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Pemex gets $3.8 billion from Mexico government, considers tapping bond markets again
July 29, 202312:10 AM GMT+5Updated 2 days ago
Mexican state energy company Pemex, whose financial debt ballooned to $110.5 billion by the second quarter, said Friday that it received 64.9 billion pesos ($3.8 billion) from the government to meet its obligations and may tap bond markets this year or next.
It made the disclosure in a filing with the local stock exchange.
Chief Financial Officer Carlos Cortez told investors during an earnings call that despite “significant” government support, Pemex was evaluating whether it would tap bond markets this year or next. He gave no details on how those funds would be used.
Pemex is also renewing revolving credit lines with banks.
When asked about debt targets, Cortez said, “We’re committed to sustaining a downward trend.”
Natural resources nationalist President Andres Manuel Lopez Obrador has staked his reputation on reviving Pemex, which he inherited highly indebted.
But concerns over the debt, the most of any state energy company in the world, has been increasing since he took office in late 2018.
Under Lopez Obrador’s presidency, Pemex bonds were stripped of a coveted investment grade rating. Two out of the three major ratings agencies rate the bonds speculative grade, or junk.
Earlier this month, Moody’s Investors Service lowered its outlook on Pemex’s credit ratings to negative from stable.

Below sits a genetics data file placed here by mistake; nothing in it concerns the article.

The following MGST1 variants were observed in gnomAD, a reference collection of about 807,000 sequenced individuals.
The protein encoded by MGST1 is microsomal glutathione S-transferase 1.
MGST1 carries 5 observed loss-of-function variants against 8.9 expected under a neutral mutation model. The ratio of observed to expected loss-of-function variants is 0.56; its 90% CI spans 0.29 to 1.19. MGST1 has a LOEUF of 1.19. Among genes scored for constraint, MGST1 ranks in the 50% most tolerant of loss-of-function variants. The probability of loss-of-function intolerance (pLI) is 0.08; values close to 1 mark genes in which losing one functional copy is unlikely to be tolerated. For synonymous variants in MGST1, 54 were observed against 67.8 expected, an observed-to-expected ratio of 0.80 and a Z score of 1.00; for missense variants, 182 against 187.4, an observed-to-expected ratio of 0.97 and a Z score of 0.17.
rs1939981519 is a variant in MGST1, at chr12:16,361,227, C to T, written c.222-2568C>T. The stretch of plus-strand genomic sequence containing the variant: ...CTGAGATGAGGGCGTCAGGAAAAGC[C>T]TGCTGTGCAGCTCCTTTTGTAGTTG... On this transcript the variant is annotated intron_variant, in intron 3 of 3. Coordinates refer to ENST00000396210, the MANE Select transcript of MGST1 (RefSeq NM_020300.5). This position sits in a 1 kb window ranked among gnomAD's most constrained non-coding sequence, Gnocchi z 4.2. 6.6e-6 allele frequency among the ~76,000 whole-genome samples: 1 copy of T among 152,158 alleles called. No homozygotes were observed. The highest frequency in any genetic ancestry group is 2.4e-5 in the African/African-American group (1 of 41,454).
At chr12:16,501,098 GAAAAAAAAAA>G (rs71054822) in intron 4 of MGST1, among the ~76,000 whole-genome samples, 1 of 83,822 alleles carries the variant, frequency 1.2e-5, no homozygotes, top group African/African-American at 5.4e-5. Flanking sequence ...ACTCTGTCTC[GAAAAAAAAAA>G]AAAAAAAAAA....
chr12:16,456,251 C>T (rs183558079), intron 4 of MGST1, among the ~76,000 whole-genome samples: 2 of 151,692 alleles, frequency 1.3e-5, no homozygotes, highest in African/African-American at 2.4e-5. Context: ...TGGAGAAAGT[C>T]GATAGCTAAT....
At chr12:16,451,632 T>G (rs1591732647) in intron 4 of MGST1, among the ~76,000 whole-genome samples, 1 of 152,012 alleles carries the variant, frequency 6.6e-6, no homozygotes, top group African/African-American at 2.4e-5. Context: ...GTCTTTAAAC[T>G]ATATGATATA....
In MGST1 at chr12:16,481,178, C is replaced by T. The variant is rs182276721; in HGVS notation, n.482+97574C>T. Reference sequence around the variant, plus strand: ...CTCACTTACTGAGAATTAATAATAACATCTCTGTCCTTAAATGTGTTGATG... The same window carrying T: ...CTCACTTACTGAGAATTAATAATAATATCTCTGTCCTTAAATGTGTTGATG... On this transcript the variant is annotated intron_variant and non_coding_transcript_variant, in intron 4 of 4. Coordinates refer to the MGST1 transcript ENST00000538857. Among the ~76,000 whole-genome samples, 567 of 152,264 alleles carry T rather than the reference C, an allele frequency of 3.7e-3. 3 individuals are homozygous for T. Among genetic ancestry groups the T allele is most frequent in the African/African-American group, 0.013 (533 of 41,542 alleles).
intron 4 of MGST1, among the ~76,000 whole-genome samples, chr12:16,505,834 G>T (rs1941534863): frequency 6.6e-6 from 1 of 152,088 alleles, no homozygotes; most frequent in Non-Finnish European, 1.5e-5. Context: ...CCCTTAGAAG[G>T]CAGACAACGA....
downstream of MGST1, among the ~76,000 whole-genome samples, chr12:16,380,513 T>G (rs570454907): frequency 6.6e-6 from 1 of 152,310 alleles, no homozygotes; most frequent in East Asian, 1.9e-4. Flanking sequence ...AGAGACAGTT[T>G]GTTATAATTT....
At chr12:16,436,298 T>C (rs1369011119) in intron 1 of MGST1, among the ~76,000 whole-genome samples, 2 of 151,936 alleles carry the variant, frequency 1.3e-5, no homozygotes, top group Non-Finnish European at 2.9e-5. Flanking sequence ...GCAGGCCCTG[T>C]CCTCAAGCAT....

The ratings agency said Pemex has been unable to increase capital investments and improve its financial and operating performance as a result of liquidity constraints.
Pemex Chief Executive Octavio Romero dismissed the action on Friday, adding that the assessment did not sufficiently take the government’s support into account. “Pemex rejects the actions taken by these agencies,” Romero said.
Between 2019 and the end of the second quarter, Pemex received more than 720 billion pesos from the government, the results showed.
Net profits were down almost 80% to 25.439 billion pesos in the second quarter from the year-ago period as sales fell, and revenues were down more than 40% to 414.156 billion pesos following weaker local sales and crude oil prices.
Crude production, including condensates, rose 7.1% to 1.882 million barrels per day (bpd), while refining rose 3.7% to 826,000 bpd.
Reporting by Valentine Hilaire, Adriana Barrera and Stefanie Eschenbacher; Writing by Stefanie Eschenbacher; Editing by Anthony Esposito, Richard Chang and Cynthia Osterman.